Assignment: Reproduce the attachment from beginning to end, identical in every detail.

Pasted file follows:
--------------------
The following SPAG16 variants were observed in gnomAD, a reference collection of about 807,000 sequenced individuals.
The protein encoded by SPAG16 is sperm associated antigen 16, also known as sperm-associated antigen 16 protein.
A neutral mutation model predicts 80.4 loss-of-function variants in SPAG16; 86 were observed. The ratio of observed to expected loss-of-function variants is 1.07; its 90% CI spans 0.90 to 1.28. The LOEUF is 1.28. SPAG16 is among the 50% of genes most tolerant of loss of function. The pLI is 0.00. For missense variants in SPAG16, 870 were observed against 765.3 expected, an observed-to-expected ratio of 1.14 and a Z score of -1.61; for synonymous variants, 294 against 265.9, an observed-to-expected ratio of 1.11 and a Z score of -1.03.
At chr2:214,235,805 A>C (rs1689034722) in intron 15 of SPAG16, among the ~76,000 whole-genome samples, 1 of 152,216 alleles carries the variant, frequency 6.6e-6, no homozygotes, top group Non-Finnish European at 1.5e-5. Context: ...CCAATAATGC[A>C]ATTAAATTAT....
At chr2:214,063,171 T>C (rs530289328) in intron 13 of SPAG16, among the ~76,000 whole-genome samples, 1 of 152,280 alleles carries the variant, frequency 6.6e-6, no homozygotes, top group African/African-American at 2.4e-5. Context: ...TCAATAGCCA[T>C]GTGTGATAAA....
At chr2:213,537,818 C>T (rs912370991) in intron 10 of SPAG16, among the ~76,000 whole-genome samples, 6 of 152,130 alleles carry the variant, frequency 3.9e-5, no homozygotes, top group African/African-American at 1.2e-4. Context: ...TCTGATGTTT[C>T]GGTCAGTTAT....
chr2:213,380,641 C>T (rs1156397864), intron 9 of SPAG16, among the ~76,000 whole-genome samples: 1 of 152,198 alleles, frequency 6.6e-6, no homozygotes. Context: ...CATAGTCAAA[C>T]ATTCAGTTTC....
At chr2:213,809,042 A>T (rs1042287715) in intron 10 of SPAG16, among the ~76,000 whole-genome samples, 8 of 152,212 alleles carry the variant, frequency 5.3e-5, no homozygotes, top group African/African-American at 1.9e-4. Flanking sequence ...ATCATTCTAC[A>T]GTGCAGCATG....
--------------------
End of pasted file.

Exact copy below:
The following SPAG16 variants were observed in gnomAD, a reference collection of about 807,000 sequenced individuals.
The protein encoded by SPAG16 is sperm associated antigen 16, also known as sperm-associated antigen 16 protein.
A neutral mutation model predicts 80.4 loss-of-function variants in SPAG16; 86 were observed. The ratio of observed to expected loss-of-function variants is 1.07; its 90% CI spans 0.90 to 1.28. The LOEUF is 1.28. SPAG16 is among the 50% of genes most tolerant of loss of function. The pLI is 0.00. For missense variants in SPAG16, 870 were observed against 765.3 expected, an observed-to-expected ratio of 1.14 and a Z score of -1.61; for synonymous variants, 294 against 265.9, an observed-to-expected ratio of 1.11 and a Z score of -1.03.
At chr2:214,235,805 A>C (rs1689034722) in intron 15 of SPAG16, among the ~76,000 whole-genome samples, 1 of 152,216 alleles carries the variant, frequency 6.6e-6, no homozygotes, top group Non-Finnish European at 1.5e-5. Context: ...CCAATAATGC[A>C]ATTAAATTAT....
At chr2:214,063,171 T>C (rs530289328) in intron 13 of SPAG16, among the ~76,000 whole-genome samples, 1 of 152,280 alleles carries the variant, frequency 6.6e-6, no homozygotes, top group African/African-American at 2.4e-5. Context: ...TCAATAGCCA[T>C]GTGTGATAAA....
At chr2:213,537,818 C>T (rs912370991) in intron 10 of SPAG16, among the ~76,000 whole-genome samples, 6 of 152,130 alleles carry the variant, frequency 3.9e-5, no homozygotes, top group African/African-American at 1.2e-4. Context: ...TCTGATGTTT[C>T]GGTCAGTTAT....
chr2:213,380,641 C>T (rs1156397864), intron 9 of SPAG16, among the ~76,000 whole-genome samples: 1 of 152,198 alleles, frequency 6.6e-6, no homozygotes. Context: ...CATAGTCAAA[C>T]ATTCAGTTTC....
At chr2:213,809,042 A>T (rs1042287715) in intron 10 of SPAG16, among the ~76,000 whole-genome samples, 8 of 152,212 alleles carry the variant, frequency 5.3e-5, no homozygotes, top group African/African-American at 1.9e-4. Flanking sequence ...ATCATTCTAC[A>T]GTGCAGCATG....